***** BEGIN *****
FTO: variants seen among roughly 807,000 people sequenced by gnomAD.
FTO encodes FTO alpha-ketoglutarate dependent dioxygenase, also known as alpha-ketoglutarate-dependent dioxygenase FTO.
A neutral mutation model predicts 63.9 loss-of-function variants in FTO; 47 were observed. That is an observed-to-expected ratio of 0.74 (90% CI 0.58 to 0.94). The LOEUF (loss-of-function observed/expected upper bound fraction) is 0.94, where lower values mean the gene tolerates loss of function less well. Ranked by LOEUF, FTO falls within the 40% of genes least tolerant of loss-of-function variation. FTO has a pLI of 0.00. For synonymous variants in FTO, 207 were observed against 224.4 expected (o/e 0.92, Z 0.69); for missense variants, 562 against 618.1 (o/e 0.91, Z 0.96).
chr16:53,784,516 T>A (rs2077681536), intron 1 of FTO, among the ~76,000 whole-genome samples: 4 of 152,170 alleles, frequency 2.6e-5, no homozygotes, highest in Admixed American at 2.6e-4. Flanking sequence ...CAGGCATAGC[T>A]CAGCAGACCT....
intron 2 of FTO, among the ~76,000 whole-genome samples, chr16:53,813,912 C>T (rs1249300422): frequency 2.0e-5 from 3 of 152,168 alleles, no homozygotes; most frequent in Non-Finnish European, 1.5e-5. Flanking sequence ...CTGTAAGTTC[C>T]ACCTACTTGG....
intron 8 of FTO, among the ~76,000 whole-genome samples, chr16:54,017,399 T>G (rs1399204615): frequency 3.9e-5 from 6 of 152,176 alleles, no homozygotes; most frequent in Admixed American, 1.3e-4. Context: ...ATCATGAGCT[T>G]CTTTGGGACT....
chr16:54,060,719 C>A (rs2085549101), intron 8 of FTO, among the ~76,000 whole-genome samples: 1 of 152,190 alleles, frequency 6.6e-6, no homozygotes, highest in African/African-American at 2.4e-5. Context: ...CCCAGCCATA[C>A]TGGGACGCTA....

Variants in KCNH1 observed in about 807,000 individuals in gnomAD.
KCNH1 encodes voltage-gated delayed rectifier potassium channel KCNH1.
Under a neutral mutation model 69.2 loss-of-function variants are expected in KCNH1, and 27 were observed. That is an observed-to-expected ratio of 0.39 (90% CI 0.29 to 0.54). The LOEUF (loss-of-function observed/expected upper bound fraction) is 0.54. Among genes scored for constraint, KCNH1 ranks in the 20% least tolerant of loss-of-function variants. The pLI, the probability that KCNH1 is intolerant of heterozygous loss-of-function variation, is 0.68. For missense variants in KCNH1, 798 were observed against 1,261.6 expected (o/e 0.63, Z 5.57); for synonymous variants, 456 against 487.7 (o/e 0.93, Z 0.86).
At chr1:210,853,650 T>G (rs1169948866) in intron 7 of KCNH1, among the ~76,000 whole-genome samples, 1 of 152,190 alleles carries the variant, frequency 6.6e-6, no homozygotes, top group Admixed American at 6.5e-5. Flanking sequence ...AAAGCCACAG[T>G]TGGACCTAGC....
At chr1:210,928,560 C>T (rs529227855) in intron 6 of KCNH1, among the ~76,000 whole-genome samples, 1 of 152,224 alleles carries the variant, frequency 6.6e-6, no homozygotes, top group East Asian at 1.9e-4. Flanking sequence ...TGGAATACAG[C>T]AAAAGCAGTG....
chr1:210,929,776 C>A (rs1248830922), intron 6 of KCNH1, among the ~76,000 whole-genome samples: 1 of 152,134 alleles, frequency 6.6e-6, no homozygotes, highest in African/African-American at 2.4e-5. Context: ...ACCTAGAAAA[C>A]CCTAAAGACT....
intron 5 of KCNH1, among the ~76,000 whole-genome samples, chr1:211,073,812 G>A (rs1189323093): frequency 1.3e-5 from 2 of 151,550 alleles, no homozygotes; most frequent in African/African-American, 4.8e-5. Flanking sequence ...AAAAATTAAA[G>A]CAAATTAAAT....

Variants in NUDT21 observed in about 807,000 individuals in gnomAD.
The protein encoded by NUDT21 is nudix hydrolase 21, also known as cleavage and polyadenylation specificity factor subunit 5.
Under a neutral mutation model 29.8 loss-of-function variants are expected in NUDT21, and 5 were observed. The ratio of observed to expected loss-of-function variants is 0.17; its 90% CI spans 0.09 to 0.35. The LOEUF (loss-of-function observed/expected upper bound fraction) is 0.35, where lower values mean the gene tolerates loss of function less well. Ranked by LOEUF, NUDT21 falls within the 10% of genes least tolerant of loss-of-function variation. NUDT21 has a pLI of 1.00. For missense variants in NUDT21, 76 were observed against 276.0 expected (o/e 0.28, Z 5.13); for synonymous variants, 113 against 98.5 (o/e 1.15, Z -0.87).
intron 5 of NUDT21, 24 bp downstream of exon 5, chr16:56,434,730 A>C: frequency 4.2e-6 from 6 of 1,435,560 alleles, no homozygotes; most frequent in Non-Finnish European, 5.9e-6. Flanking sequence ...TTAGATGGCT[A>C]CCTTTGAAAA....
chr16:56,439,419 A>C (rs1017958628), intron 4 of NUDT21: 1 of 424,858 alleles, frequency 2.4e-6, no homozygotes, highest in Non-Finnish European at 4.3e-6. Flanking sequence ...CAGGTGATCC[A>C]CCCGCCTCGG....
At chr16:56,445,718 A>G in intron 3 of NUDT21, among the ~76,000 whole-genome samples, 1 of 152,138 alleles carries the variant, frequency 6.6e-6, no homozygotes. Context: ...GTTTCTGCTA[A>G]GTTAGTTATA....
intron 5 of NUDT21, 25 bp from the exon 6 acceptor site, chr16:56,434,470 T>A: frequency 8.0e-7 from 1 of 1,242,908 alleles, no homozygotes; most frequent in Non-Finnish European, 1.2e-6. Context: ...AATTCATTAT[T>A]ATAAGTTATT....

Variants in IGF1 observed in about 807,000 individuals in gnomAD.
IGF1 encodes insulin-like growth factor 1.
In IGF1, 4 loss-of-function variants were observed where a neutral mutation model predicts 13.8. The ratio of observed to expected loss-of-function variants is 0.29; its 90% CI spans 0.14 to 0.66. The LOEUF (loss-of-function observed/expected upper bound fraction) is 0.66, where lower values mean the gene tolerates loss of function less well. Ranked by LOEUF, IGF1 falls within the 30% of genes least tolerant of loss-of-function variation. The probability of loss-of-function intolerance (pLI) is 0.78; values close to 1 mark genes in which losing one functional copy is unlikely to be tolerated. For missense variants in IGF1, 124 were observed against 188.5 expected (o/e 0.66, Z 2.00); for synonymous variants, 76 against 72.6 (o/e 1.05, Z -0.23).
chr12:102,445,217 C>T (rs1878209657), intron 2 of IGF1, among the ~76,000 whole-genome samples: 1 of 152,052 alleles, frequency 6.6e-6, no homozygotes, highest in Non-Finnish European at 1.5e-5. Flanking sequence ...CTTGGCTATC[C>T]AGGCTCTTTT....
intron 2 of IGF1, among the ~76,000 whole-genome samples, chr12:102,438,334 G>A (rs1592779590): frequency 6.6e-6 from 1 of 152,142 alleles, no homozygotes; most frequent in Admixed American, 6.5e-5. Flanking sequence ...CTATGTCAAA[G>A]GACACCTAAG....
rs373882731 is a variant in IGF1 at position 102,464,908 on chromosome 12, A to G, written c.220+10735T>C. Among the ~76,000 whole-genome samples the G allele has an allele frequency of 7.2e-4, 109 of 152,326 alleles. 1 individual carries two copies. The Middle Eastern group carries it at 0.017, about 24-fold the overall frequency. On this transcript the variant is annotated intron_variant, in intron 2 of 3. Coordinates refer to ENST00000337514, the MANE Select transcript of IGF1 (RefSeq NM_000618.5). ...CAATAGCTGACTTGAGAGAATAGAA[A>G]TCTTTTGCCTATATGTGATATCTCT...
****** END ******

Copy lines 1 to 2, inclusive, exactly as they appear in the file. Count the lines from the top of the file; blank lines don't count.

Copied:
FTO: variants seen among roughly 807,000 people sequenced by gnomAD.
FTO encodes FTO alpha-ketoglutarate dependent dioxygenase, also known as alpha-ketoglutarate-dependent dioxygenase FTO.